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stadidas
Nov 29, 2007, 02:03 PM
Hi all, I have an interesting one today...

I have a NSMutableArray, which is managed by an NSArrayController. I insert objects into the array using the insertObject:atArrangedObjectIndex: method of NSArrayController. I then display this data in an NSTableView.
This all works just fine, I can insert objects and delete them, and the table view is automatically updated. However, when the table view is sorted on one of the columns (via clicking on a column heading), any object added via the insertObject:atArrangedObjectIndex: method is put at the end of the mutable array. For example if I try to insert a new object at index 0 when the array contain six objects, the new object will be inserted into the array at index 6.
This only happens when the table is sorted, otherwise the behaviour is fine. Somewhere the index specified gets changed to the size of the array.
If anyone can shed any light on this issue I would very much appreciate it as once I've fixed this my app will be useable.



kainjow
Nov 29, 2007, 02:11 PM
You could try using addObject: instead, or calling rearrangeObjects after you insert the object.

stadidas
Nov 29, 2007, 02:26 PM
Hi Kainjow,

Thanks for the quick reply.
Perhaps I should make the problem a bit more clear. I can't use addObject: because I need to insert the object into a specific place in the array. What is strange is that I call this code:


[logEntriesController insertObject:newLog atArrangedObjectIndex:indexToInsertLogEntryAt];


where logEntriesController is the NSArrayController. indexToInsertLogEntryAt is zero. However, once I go into my overridden insertObject:atArrangedObjectIndex: method, the index being passed in is the same as the array count that the array controller controls. This is strange as it doesn't happen when the table isn't sorted.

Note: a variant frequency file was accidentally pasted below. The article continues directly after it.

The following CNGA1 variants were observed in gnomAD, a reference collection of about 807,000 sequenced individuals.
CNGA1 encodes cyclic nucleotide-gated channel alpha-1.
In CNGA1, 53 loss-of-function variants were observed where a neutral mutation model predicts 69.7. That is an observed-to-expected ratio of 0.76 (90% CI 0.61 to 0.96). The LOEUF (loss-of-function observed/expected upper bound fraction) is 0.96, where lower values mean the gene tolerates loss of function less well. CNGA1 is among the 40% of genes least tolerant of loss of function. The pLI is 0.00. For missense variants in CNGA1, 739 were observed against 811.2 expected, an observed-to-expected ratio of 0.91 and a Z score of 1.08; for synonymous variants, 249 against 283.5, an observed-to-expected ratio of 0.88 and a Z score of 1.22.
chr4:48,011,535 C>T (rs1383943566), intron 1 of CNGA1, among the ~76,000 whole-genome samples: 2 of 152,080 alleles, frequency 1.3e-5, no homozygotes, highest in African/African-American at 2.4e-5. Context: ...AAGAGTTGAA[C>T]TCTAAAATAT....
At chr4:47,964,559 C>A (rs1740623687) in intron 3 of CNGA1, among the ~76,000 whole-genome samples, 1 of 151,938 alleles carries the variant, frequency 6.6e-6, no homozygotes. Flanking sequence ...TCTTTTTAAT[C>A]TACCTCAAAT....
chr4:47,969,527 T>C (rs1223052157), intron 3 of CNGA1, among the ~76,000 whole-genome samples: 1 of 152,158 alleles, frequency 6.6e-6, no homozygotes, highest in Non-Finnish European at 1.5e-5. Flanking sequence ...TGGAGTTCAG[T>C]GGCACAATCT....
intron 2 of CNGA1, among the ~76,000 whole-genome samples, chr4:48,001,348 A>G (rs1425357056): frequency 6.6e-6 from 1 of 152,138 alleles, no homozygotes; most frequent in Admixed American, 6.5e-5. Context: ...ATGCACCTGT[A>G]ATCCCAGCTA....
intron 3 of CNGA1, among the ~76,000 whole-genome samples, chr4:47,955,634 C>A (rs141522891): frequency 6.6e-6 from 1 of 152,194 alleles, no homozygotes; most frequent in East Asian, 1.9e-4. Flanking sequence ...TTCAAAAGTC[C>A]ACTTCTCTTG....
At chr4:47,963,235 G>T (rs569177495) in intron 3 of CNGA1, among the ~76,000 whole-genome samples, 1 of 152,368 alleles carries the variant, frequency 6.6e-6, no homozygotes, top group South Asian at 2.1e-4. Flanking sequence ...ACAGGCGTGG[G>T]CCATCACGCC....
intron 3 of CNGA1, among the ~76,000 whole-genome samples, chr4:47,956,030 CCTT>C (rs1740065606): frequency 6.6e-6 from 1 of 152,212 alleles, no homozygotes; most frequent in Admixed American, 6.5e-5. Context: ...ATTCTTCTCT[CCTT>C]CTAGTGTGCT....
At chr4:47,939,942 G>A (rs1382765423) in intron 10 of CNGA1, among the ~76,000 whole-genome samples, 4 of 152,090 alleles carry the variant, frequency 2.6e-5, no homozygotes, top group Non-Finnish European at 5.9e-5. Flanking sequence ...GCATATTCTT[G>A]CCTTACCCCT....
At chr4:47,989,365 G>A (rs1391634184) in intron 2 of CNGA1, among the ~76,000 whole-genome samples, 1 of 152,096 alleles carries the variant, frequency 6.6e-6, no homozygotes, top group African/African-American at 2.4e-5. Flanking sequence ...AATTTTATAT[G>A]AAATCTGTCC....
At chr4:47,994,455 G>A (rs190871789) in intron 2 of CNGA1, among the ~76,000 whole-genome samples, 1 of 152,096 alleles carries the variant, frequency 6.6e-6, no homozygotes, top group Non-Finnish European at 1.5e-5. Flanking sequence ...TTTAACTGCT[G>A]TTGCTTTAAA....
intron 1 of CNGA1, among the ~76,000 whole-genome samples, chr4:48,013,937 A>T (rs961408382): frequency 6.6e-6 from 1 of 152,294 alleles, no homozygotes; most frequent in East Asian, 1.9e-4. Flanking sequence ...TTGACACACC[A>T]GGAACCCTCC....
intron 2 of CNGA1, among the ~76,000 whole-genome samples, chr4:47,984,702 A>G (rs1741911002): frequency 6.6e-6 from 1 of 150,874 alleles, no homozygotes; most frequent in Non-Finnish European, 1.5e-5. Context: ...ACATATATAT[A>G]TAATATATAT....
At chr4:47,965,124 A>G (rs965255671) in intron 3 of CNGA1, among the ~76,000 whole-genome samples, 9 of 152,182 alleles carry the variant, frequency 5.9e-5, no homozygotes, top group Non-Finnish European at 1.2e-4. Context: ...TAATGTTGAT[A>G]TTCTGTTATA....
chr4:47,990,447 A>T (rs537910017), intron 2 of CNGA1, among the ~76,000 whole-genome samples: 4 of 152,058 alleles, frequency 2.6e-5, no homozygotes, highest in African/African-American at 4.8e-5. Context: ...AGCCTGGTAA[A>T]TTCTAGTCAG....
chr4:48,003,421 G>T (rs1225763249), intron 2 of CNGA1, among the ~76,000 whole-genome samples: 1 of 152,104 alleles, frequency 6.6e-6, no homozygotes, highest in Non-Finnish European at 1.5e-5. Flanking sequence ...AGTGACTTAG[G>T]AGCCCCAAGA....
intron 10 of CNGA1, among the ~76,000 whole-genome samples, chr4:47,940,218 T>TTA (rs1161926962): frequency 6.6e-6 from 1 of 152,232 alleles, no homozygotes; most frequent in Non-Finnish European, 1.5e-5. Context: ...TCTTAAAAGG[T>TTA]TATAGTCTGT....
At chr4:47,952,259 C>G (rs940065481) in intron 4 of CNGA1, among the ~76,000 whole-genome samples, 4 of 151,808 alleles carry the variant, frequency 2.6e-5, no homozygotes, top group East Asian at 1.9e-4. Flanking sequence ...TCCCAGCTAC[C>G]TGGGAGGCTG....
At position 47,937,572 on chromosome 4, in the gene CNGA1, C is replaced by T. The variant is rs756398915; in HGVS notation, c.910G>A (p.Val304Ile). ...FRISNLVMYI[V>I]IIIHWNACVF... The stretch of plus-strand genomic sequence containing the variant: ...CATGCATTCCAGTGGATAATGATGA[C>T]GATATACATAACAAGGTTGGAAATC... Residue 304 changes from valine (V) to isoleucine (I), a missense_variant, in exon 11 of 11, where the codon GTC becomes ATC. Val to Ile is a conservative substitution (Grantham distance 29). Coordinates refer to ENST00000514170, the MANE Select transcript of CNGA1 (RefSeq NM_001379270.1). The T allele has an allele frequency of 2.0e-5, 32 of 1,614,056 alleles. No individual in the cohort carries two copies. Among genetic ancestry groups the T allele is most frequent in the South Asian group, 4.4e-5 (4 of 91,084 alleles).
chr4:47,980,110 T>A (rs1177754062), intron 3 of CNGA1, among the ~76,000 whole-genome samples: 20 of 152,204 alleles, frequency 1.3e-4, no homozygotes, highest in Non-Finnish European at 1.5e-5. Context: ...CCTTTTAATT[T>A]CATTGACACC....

kainjow
Nov 29, 2007, 02:36 PM
How do you expect it to place your object into a certain index when you have it sorted at the same time?

stadidas
Nov 29, 2007, 02:44 PM
I thought the sorting was just in the view? Is there a way to have the view sort but leave the array contents alone? I do some calculation based on the ordering of objects in the array, so it shouldn't be re-arranged by a view.

kainjow
Nov 29, 2007, 02:47 PM
If you want that kind of control (not sure why, as it's non-standard), don't use bindings. Just use normal NSTableView delegate methods and manage two arrays.

But either way, your users will be confused if they see a sorted table with a non-sorted item at the top.

The view is a graphical representation of your model. It doesn't manipulate your model's data. If the table displays sorted data, your data is sorted.

stadidas
Nov 29, 2007, 03:05 PM
The array stores objects of type "LogEntry". A Log Entry stores, amongst other things, a description string and an a date field. The array should always have the log entry with the oldest date at the start, and the newest date at the end. The user may sort the table by the description String to find something, and then may choose to insert a new log entry. The entry still needs to be added in the correct place based on it's date. The correct location is calculated, and then I pass it to the insertObject:AtArrangedObjectIndex method.
Is there anyway that you can see that would allow this to work whilst still using the bindings mechanism?

kainjow
Nov 29, 2007, 03:42 PM
Do you have the table view sort descriptors setup correctly?

stadidas
Nov 29, 2007, 04:08 PM
I have not put any specific sort key or selector in on Interface Builder, no. Would I need to do this?

kainjow
Nov 29, 2007, 04:10 PM
Yes if you want them to be sorted for you. Read the docs on NSSortDescriptor

stadidas
Nov 29, 2007, 06:38 PM
Never mind, I just realised that I can just pass a new log object and index to the object that holds the array, insert it exactly where I want, and the TableView updates through bindings even when sorted, and all the values are calculated properly. Wish I'd realised sooner, sorry for wasting your time! Thanks anyway though, you've helper me and others out on numerous occasions, so thanks very much for that.